In the wake of the government shut down and debt-ceiling political brinksmanship, the Tea Party has never been less popular. Pundits from across the political spectrum are calling on the Republican party to reject the “radicals,” “extremists” and “reactionaries” in their midst and turn the party over to the moderates and centrists.
From social issues hypocrisy to foreign policy confusion to persistent strains of incoherent birtherism, there is a lot wrong with the Tea Party. Central among these flaws is its hostility to even procedural compromise. The party has been effective at enthusing the conservative base, but it will accomplish little until it couples its ideology with pragmatic political savvy. In its current divided state, the Republican party cannot help shape the creative solutions American democracy craves.
It is critical to remember, however, that the need for compromise is not the same as the need for moderation. On the contrary, the moderate mindset is a huge part of what’s gotten the U.S. into its present mess. No one who remembers the eight year debacle that was the Bush administration should call on Republicans to embrace their moderate, establishment wing. Reverting back to that failed and dissolving coalition, at the expense of an ideologically consistent, innovative, welcoming, forward-looking platform, would truly spell the death of the Republican party.
When these pundits yearn for tempered, reserved moderates, to whom do they refer? John Boehner? Mitch McConnell? Lindsey Graham? John McCain? Mitt Romney? Do these men really embody the winning recipe for modern conservatism? Americans view these men as a symbol of the Washington establishment: the select group of career insiders who stand for nothing, but prolong their tenures by adopting their message for political convenience.
Both of the two most recent Republican presidential candidates sacrificed ideological fealty for coalition building flexibility. Both were labelled moderates. And both failed because the American people have rightfully seen through that term as a euphemism for “opposed to change.” Given Americans’ exasperation with the state of their country, that association is a death knell for electoral success. Moderates are unwilling to shake up the status quo at a time when the status quo is in dire need of a shakeup.
Take the example of the recent budget battles in Washington. A rough summary of these confrontations is that one party wants to make the government bigger (through higher taxes and more spending), while the other wants to make it smaller (through lower taxes and less spending). For the entirety of Obama’s presidency, observers on both sides have been exasperated by the resulting gridlock, seemingly incredulous at the parties’ inability to find common ground on anything.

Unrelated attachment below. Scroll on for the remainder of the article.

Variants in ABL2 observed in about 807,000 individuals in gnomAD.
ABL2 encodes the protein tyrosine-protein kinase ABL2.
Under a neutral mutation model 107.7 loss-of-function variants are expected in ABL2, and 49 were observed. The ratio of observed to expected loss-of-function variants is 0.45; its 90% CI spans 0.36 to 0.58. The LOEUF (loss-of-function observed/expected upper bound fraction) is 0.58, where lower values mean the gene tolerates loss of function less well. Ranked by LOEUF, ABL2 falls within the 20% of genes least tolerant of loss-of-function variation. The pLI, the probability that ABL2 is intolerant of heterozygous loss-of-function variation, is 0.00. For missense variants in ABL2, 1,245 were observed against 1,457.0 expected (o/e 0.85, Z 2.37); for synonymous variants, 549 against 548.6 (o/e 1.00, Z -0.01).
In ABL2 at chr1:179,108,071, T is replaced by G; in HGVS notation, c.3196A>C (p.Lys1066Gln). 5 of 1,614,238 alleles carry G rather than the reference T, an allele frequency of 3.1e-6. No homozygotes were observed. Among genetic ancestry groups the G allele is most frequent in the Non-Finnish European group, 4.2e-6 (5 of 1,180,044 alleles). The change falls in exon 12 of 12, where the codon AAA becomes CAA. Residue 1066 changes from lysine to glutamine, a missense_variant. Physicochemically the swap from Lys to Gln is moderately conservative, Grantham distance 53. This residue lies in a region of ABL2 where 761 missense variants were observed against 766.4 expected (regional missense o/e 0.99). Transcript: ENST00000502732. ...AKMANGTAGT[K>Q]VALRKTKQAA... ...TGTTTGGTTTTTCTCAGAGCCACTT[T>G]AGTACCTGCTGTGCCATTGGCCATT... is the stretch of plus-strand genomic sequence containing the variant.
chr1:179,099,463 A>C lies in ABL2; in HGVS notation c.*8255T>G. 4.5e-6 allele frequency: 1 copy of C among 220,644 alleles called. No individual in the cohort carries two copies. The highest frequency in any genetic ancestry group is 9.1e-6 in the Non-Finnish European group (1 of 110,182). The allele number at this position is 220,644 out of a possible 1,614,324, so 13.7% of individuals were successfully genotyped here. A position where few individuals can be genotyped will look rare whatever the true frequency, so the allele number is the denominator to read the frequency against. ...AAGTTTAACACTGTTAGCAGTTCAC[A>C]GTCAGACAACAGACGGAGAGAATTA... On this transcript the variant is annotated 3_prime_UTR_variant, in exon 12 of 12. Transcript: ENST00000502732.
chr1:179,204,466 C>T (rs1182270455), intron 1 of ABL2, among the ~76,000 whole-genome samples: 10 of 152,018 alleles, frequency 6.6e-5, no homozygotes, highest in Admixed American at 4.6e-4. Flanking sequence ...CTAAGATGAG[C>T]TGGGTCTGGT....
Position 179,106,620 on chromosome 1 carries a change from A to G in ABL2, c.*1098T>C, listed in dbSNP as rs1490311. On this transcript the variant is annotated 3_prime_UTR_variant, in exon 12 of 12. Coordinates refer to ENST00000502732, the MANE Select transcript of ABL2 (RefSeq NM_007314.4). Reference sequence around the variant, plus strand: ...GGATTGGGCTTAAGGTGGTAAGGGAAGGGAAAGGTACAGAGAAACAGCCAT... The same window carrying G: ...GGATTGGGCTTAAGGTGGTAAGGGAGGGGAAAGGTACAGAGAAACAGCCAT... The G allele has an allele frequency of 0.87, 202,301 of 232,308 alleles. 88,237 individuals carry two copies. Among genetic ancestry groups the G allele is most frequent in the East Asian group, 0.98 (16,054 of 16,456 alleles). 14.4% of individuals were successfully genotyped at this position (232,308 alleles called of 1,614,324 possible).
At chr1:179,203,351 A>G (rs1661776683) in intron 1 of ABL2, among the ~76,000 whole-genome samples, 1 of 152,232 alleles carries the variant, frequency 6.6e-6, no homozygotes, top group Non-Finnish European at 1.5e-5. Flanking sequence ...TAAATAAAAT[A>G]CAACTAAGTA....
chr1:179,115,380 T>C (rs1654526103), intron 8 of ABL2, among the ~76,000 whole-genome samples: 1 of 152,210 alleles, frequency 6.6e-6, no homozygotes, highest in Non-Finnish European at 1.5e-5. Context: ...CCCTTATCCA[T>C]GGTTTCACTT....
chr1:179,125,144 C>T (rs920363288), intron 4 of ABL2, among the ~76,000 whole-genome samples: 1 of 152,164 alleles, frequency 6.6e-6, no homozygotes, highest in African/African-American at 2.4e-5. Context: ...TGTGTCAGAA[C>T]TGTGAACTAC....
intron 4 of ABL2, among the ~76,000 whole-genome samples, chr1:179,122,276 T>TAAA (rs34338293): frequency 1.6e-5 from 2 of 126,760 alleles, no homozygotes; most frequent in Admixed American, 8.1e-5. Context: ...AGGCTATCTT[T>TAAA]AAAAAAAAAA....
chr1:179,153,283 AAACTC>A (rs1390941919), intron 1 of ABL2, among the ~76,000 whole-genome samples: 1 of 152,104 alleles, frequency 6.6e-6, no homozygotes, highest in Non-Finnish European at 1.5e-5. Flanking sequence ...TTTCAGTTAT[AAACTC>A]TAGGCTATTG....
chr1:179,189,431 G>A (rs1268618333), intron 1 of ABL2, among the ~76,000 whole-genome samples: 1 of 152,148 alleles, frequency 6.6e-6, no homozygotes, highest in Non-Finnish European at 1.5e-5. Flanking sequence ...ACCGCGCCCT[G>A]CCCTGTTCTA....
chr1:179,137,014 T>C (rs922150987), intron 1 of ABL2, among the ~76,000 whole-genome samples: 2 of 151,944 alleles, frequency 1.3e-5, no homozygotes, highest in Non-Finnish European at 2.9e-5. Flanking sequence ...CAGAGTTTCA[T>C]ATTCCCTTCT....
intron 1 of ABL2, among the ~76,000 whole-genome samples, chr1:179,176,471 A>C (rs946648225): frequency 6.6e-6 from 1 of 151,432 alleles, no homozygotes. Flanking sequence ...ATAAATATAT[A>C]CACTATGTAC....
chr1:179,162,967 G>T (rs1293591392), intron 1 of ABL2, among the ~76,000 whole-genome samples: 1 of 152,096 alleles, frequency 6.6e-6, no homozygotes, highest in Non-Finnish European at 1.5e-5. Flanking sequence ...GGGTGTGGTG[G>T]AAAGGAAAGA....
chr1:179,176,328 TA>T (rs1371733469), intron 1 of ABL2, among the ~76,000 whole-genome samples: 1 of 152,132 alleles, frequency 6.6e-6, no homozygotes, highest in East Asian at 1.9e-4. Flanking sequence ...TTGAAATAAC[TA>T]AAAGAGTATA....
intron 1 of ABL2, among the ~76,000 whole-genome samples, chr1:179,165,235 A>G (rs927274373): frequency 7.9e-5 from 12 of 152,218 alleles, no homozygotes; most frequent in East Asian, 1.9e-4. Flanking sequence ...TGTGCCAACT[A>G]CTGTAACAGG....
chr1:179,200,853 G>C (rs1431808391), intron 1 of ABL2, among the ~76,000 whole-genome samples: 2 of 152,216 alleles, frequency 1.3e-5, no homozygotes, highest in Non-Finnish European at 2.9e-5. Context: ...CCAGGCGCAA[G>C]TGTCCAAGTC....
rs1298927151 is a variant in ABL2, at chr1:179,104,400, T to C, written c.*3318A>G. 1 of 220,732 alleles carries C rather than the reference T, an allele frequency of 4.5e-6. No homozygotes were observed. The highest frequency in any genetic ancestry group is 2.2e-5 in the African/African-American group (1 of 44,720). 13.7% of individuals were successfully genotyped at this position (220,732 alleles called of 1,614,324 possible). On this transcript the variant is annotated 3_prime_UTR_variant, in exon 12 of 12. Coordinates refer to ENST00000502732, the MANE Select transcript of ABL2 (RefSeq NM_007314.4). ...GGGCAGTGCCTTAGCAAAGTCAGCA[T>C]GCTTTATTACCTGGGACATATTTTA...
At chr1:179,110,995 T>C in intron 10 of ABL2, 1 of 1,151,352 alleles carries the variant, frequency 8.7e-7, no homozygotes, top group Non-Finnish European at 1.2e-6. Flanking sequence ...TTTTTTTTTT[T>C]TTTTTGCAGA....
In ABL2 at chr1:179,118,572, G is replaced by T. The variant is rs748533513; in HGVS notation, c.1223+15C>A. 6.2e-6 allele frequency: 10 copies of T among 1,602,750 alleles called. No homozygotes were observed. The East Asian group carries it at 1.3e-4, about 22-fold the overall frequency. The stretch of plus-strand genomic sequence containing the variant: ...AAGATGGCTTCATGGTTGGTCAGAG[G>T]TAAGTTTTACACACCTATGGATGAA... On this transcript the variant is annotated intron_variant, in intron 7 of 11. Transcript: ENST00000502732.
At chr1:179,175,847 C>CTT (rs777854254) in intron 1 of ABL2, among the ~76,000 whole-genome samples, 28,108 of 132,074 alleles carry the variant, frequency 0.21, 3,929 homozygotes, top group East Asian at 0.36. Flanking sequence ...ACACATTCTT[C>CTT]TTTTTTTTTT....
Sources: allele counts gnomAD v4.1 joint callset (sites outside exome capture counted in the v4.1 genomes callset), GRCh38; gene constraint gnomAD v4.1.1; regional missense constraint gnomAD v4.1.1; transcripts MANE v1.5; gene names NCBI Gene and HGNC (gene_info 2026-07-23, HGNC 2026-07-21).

Bypassing the stalemate requires bold, creative solutions, but moderates will not provide them. Moderates make their living by staying in the safe middle-area that commits to nothing and angers nobody. And because the area of common ground between such diametrically opposed parties is rather small, the few compromises moderates produce are really rather predictable. The establishment wings of both parties favor minimizing controversy to avoid rocking the boat. In regards to the budget, either cutting spending or raising taxes would incite voter backlash, so they avoid it. The least controversial option is to push massive deficits and debt onto disenfranchised future generations — so that’s what inevitably happens.
Truly solving America’s problems requires radical departures from longstanding policies — especially those departures which will ruffle some well-connected feathers. To accomplish party objectives, conservatives will need to stay the course in the face of backlash and adversity. Moderates cannot do this; the only ones who can are those guided more by ideology than the recent Gallup polling.
What’s at stake here is more than the success of one party. America’s past decade has been marred by bipartisan war, bipartisan bailouts, bipartisan spying and torture and civil liberties violations, a bipartisan drug war, bipartisan cronyism and bipartisan fiscal irresponsibility. Each of these policies were the direct result of moderate compromise — to the benefit of politicians and at the expense of everyday citizens. Our policy options moving forward must correct, rather than repeat, these failed policies. If the range of acceptable discourse is restricted to Mitch McConnell, John Kerry and the yawning chasm that lies between them, our country is doomed.
For all the Tea Party’s flaws, the anti-establishment anger at its heart is justified and needed. There are deep-rooted problems in our democracy, and solving them will take unconventional ideas.
Thankfully, ideological consistency does not preclude flexible political alliances. Instead of futilely searching for ever-shrinking areas of common ground, Republicans should forge compromise based on exchange and concession. In this way, agreements can be reached which both parties view as improvement to the status quo.
Compromising on policy and procedure, without compromising on principle, enables people with fierce disagreements to work together. Here’s hoping the Tea Party gives it a try.
Andrew Doris is a junior political science major from West Chester, Pa. He is the Editor of the News-Letter Opinions section.